The New York State Legislature convened last week for its six-month session. Area lawmakers have varying hopes and expectations for 2015.
Another session is under way, but off to a slow start resulting from Governor Andrew Cuomo's decision to move the State of the State address back two weeks following the death of his father, former Governor Mario Cuomo.
When Governor Andrew Cuomo gives his budget address on Wednesday, the state will begin the year with a $5 billion dollar surplus, a big change after years of budget deficits.
When Cuomo first came into office, the state was facing a $10 billion budget gap. Now, in 2015 the state has a $5 billion surplus, the largest since the 1940s. The money is a one time windfall from various bank settlements, over charges of improprieties during the financial crisis.
A Group lobbying to 'Rebuild NY Now' with state windfall funds brought its campaign to Albany Monday. Rebuild NY Now is a coalition with a mission: to raise public awareness about the issues impacting New York State's infrastructure, with its eye on $5 billion - described as "unexpected cash" - a “windfall” of revenue from recent settlements against overseas banks to pay for infrastructure upgrades.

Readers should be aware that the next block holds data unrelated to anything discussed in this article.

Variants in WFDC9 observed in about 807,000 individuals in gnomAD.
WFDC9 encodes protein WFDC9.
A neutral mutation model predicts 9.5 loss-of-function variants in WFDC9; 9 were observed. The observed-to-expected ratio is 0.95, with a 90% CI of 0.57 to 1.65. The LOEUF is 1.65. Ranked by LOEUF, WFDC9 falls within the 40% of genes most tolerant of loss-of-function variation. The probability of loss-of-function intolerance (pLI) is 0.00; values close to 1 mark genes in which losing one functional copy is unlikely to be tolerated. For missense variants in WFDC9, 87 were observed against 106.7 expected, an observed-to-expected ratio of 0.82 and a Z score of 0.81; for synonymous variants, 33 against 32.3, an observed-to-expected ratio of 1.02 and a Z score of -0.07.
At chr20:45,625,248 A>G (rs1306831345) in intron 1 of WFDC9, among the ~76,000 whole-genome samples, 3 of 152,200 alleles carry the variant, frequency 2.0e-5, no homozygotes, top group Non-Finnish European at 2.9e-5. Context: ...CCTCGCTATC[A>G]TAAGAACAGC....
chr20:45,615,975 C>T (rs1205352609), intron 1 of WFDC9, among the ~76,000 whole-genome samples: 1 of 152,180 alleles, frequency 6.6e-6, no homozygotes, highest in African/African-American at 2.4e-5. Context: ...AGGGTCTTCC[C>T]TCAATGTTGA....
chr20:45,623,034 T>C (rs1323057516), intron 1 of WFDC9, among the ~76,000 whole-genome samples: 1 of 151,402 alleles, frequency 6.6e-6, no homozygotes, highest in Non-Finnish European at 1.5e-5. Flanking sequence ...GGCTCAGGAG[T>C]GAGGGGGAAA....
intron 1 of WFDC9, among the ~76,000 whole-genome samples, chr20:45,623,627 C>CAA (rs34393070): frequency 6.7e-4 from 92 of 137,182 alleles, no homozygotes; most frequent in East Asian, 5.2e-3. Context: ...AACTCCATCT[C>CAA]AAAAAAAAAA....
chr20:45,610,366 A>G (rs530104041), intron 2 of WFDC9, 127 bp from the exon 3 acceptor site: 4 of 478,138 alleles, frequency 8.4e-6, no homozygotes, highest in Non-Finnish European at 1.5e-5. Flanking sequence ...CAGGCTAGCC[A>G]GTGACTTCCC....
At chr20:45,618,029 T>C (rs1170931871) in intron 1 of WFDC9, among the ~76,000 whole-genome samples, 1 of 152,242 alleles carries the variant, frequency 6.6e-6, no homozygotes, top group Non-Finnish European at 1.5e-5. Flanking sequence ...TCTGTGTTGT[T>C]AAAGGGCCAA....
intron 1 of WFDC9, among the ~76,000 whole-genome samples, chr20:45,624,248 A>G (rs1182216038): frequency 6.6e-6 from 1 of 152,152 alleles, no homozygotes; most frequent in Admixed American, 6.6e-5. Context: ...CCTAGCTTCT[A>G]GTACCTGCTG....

New York state agencies racked up more than $316 million in overtime in the first six months of 2014, continuing a recent trend of sharply higher overtime costs for taxpayers.
The startling numbers come from a mid-year report issued Tuesday by state Comptroller Thomas DiNapoli, who says the increase is troubling and should be addressed. Spending has skyrocketed $22 million over the same period in 2013.
Once the state's political leaders got past the congratulatory "atta-boys" and backslapping on their most recent effort to reform Albany, the public was left to dig through the details of the legislative agreement.
New York Governor Andrew Cuomo and legislative leaders have finalized the details on a $138 billion dollar state budget and say they are on track to meet the April 1 deadline. The budget includes a multi step plan that could lower property taxes, $340 million dollars for schools to start pre-K programs, and a limited test program for public campaign financing.